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The Joy of Physics? (book)

  1. Sep 2, 2016 #1
    Does anyone know of a Physics book that might be considered the Physics equivalent of "The Joy of Chemistry", by Cobb and Fetterolf. In other words a book that is a challenging introduction, written with due scholarly erudition, in a style that's simply breathtakingly beautiful at times?
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  3. Sep 2, 2016 #2


    Staff: Mentor

    How about this book?


    along with its website videos:


    and videos (there's more just search around):


    I've never investigated it fully ,only in glancing, but many folks really like it if you believe the comments about it.

    I myself was raised on Halliday and Resnick and for me they were a revelation. Later I found Feynman's 3 volume book to be really fascinating but too dense for a naive beginner. I also did an independent study with Wheeler / Misner book on Gravitation and really loved looking at the pictures but not really catching how they fit with the math until much later. Anyway these books are somewhat dated except for Halliday and Resnick which continues to get updated as its a big money maker for RPI and the publisher.

    There's also Ben Crowell's online books at:


    that are quite interesting to read.

    Last edited by a moderator: May 8, 2017
  4. Sep 3, 2016 #3
    Wow! Fantastic! Thanks ever so much. Loved Hewitt's attempt to explain why the sky was blue by describing the "sound of colour".His book did seem expensive though.Really loved the first chapter of Crowell but haven't checked the price yet.

    But, hey, that' just great info. Thanks again!
  5. Sep 3, 2016 #4


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    Hm, this question is very hard to answer, because it's pretty subjective. For me there are some books with "wow effects". The first ones I encountered were the six volumes "Lectures on Theoretical Physics" by Sommerfeld (in German), then the Feynman Lectures (3vols.) and Feynman's Lectures on Gravitation. Later: the quantum theory book by Dirac and all the texbooks by Feynman (the old and the new cosmology books, the 3vols. QFT, and the newest one about QM).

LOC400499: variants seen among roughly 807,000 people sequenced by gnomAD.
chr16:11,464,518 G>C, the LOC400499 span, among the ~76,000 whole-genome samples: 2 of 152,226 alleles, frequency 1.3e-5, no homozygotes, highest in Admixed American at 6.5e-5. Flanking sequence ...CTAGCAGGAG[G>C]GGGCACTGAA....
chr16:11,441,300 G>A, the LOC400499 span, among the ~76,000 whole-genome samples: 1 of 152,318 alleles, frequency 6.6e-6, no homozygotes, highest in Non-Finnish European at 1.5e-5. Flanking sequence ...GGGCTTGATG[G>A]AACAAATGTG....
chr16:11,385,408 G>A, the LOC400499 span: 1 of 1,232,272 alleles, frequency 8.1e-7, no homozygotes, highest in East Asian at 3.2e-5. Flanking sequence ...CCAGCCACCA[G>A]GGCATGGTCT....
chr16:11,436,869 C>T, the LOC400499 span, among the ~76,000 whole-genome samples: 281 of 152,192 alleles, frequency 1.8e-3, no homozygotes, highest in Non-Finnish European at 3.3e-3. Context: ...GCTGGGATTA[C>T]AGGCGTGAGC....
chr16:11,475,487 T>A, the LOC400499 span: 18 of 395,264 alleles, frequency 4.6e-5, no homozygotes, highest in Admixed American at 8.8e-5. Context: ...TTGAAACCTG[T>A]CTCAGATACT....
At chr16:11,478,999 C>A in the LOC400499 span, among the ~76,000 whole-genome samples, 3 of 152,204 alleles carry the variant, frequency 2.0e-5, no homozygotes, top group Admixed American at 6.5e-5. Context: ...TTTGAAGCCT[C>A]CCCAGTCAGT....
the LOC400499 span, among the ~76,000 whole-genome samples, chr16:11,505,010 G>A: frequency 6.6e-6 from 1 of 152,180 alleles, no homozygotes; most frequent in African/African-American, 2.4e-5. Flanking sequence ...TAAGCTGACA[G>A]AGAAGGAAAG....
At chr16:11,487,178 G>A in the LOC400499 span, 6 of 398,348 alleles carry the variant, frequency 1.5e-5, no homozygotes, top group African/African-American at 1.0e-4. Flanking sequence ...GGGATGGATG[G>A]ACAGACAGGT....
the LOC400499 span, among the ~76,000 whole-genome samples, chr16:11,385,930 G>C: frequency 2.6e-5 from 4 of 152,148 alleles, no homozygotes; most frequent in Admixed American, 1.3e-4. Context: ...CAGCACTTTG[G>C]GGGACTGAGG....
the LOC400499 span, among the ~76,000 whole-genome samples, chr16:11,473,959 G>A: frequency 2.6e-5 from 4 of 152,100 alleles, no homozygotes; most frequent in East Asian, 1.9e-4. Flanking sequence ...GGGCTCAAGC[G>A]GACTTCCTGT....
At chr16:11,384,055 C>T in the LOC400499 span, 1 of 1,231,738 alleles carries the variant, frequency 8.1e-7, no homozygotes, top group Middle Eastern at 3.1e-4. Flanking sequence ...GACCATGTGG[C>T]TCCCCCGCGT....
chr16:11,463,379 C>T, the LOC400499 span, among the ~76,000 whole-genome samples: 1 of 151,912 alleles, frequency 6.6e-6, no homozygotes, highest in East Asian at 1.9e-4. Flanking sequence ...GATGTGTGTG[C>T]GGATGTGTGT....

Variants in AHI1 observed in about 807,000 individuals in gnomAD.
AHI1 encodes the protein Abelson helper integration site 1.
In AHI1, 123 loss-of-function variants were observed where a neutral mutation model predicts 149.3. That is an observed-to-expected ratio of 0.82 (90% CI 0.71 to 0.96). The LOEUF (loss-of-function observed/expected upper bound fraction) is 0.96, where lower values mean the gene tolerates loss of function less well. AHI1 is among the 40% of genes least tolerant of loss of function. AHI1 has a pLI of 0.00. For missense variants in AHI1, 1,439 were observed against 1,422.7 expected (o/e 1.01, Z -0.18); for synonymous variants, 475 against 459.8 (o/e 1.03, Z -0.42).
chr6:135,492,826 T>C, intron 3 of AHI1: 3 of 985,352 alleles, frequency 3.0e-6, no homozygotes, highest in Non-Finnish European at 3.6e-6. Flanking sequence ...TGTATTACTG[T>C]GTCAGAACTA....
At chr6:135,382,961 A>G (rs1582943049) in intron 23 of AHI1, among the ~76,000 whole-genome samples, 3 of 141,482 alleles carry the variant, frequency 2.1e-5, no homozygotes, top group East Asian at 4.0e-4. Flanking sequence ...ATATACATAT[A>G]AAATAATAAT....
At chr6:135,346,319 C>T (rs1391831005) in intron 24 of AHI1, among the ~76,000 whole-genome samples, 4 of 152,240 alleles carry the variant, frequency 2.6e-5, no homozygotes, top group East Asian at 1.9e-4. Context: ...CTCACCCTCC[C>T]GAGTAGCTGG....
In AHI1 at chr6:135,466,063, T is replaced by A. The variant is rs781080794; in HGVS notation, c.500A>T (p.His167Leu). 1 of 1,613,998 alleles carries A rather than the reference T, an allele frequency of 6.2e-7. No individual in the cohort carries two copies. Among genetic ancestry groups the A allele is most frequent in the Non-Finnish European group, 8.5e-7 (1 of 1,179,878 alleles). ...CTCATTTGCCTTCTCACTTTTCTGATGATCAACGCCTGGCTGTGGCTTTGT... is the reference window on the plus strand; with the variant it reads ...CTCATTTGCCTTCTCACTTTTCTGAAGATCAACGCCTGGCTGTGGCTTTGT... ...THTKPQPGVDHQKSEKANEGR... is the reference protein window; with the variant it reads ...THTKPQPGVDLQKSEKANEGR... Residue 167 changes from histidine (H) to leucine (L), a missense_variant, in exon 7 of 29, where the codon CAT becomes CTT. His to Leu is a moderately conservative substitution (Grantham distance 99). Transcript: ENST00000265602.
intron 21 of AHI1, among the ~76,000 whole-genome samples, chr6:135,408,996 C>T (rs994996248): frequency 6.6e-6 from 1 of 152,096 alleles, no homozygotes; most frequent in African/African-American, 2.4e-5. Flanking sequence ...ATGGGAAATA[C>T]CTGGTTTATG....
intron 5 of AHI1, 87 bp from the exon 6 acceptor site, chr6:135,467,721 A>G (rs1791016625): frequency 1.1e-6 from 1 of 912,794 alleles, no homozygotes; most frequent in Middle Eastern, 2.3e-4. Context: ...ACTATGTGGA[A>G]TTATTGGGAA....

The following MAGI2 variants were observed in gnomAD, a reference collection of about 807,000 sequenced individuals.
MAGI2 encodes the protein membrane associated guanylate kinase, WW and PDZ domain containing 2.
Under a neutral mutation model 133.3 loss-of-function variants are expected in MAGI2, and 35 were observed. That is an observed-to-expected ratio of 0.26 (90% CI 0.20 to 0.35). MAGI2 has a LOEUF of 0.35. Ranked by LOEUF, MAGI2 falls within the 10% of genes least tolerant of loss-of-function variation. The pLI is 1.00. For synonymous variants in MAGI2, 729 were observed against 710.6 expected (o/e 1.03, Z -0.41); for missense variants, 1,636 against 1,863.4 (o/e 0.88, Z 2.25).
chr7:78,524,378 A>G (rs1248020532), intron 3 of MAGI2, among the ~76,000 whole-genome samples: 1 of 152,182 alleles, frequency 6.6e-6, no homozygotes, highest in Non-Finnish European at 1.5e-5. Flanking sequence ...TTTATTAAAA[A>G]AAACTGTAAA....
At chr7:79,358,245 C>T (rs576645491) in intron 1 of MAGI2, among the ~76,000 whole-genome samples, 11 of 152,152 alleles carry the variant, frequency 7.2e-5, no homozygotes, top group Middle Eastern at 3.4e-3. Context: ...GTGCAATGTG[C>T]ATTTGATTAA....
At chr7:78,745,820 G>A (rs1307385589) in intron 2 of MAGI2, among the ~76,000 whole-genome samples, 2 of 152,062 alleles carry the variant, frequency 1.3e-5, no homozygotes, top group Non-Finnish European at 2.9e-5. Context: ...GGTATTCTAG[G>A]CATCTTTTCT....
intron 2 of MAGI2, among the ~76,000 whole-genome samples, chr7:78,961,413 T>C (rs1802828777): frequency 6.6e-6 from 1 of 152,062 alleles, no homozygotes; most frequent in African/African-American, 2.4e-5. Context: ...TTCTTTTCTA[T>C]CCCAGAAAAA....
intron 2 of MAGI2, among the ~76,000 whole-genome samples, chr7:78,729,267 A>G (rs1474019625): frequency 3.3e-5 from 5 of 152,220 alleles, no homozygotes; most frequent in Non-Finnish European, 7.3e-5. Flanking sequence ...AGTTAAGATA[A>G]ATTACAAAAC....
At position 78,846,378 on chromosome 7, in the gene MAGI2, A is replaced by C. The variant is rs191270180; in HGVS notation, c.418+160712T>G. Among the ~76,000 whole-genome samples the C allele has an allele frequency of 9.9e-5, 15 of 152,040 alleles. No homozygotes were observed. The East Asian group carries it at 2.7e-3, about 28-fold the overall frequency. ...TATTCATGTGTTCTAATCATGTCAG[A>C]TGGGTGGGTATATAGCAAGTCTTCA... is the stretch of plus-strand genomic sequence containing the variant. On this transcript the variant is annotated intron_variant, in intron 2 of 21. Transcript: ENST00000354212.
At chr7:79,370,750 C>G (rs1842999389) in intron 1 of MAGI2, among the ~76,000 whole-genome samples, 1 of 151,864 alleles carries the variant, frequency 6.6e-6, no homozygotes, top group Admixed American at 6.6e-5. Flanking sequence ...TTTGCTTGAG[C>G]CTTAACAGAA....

6. Sep 3, 2016 #5
    Thanks. It doesn't surprise me that Feynman is so popular. Erudite, no bull, keeps it simple, but never too simple, and of course an infectious personality to boot. I'm sure there are many like me who don't understand half of what he says, but just love listening/reading him.
    It's a good point you make about the "subjectivity". I'm a teacher myself and the skill of explaining is one which is vastly underestimated. Sometimes, I find I need to consult with a number of people to help me explain. Other times, I have to read and reread the same thing over and over. Interesting that you mentioned a text in German, I speak French and Italian, and the funny thing is, I can "get it" more readily sometimes in the "foreign language". Thanks for pitching in. Much appreciated.
  7. Sep 4, 2016 #6


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    Well, Sommerfeld's lecture series is also available in English. The translation is excellent, and for me there's no difference between the German original and the Enlish translation in this case.
  8. Sep 4, 2016 #7
    Currently reading Crowell's "Conceptual Physics". Really like the style of writing. Find a lot of it is sinking in. Thank you so much!
    Last edited by a moderator: May 8, 2017
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